Twenty years have passed since the introduction of RJD2, who burst onto the scene with his debut album Deadringer. Its an instrumental album that has since stood the test of time, far more than many albums on the Definitive Jux record label. While El-P’s Fantastic Damage or Cannibal Ox’s The Cold Vein are so of the most defining albums from the record label, their lo-fi mixing techniques put them in a different class from this album.
Unlike those albums, the mix here strikes the perfect balance. Its not the cleanest mix in the world, but that’s on purpose. Some tracks like “Final Frontier” give this slight warmth from the fire of the vinyl, or tracks like “The Horror” have so many sounds packed into it that you could spend forever picking them apart. Its an album that feels like no matter how deeply you look at it, you’re always going to find a new sound.
What RJD2 did on this album was no small feat, and you can feel that in the sample selection alone. Using anything & everything, with samples flying left & right sounding like they come from rock, classic hip hop records, movie scores, they all meld together to make an exciting ride. “Good Times Roll Pt. 2” is a perfect example of this, incorporating all these elements & then some into the same track. This is only one track mind you, as the entire album is daring on this mission.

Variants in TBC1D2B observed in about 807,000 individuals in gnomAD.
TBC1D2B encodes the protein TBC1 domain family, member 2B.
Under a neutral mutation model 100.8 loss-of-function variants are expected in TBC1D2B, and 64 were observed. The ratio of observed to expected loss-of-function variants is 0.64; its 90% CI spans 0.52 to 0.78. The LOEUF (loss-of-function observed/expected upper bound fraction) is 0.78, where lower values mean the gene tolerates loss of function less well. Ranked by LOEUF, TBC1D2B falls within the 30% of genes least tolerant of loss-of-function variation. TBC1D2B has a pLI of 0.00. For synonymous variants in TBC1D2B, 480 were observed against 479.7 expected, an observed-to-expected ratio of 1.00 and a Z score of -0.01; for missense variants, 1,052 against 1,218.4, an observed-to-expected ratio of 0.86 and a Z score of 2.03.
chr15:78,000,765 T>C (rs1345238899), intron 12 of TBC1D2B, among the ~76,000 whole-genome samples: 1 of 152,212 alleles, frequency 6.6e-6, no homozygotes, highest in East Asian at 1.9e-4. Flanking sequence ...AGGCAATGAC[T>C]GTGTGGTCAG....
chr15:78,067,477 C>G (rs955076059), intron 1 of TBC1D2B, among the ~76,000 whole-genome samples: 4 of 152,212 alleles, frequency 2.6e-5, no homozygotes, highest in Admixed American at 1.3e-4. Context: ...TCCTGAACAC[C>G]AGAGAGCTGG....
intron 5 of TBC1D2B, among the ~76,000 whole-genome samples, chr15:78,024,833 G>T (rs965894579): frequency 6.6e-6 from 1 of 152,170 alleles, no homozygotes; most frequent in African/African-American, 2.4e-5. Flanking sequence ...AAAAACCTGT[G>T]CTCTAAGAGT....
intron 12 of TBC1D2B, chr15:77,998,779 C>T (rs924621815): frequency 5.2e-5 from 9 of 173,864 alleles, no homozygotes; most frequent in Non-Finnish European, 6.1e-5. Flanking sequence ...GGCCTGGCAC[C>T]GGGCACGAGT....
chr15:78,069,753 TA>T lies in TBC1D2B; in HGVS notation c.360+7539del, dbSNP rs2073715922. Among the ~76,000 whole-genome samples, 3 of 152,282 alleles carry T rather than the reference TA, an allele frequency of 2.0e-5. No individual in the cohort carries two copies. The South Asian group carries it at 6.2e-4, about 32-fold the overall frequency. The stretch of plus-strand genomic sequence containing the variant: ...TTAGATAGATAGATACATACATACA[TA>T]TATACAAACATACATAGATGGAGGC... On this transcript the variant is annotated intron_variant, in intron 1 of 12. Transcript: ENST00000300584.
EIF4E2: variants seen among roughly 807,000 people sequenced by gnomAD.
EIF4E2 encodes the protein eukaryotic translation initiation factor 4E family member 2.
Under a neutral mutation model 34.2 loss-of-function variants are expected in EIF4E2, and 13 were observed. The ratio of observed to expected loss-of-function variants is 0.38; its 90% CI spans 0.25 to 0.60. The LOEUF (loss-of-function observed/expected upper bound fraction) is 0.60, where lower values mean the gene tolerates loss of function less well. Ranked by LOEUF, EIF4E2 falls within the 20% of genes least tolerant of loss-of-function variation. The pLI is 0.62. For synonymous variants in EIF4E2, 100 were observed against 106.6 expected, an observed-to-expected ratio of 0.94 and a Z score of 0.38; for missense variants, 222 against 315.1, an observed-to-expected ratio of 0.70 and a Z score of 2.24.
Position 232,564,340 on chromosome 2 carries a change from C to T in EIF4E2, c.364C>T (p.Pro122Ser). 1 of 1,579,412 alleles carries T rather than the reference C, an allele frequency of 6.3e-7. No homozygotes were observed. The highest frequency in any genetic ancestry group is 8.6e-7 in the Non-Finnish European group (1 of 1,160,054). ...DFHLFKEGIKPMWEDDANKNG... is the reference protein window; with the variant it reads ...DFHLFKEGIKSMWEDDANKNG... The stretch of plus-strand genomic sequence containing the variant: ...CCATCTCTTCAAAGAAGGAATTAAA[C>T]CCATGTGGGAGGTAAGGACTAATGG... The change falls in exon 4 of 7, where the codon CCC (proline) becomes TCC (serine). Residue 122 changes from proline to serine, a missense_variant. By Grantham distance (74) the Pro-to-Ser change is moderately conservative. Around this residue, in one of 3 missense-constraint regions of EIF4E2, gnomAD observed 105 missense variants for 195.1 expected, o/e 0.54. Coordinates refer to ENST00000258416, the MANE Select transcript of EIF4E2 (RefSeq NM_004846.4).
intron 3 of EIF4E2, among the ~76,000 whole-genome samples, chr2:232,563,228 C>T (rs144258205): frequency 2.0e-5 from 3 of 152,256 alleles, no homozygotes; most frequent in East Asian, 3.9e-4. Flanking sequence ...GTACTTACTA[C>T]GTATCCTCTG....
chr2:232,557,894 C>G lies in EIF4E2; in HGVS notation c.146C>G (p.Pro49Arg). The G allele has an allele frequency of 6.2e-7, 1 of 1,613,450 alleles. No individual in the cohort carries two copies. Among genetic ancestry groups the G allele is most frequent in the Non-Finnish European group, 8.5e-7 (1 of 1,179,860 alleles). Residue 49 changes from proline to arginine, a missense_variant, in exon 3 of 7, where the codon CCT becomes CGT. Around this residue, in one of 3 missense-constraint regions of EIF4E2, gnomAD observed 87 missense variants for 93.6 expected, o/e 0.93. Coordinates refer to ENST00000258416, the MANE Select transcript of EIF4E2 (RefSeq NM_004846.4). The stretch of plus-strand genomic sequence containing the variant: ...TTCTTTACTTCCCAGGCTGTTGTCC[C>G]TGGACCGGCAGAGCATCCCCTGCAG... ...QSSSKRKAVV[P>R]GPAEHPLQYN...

RJD2 – Good Times Roll Pt. 2
It borders on film score territory, as so many tracks feel anthemic rather than standard instrumentals. This was recognized in the film industry too, as one of the more notable tracks here “Ghostwriter” landed in the 2004 film Wimbledon. Despite this, it never feels like it loses its hip hop roots, as the drums always have the iconic hip hop rhythms. Everything here could be rapped on, but having just these instrumentals lets them breathe.
That’s where the album duller moments strikes, as the few rap features that appear here break up the pace. When these moments enter, its as if the album comes to a halt to let these rappers have their moment. While they aren’t poor performances, Blueprint in particular has a fantastic verse on “Final Frontier,” there is quite a difference when compared to a song like “Cut Out to FL.”
Thankfully, these flaws are few. Excluding these tracks, its as if the album hasn’t aged a day. Each track with the usage of vocal samples seem to lightly string together a story, adding to the cinematic feeling. That along with the classic hip hop breaks that get used, make for an unforgettable listen.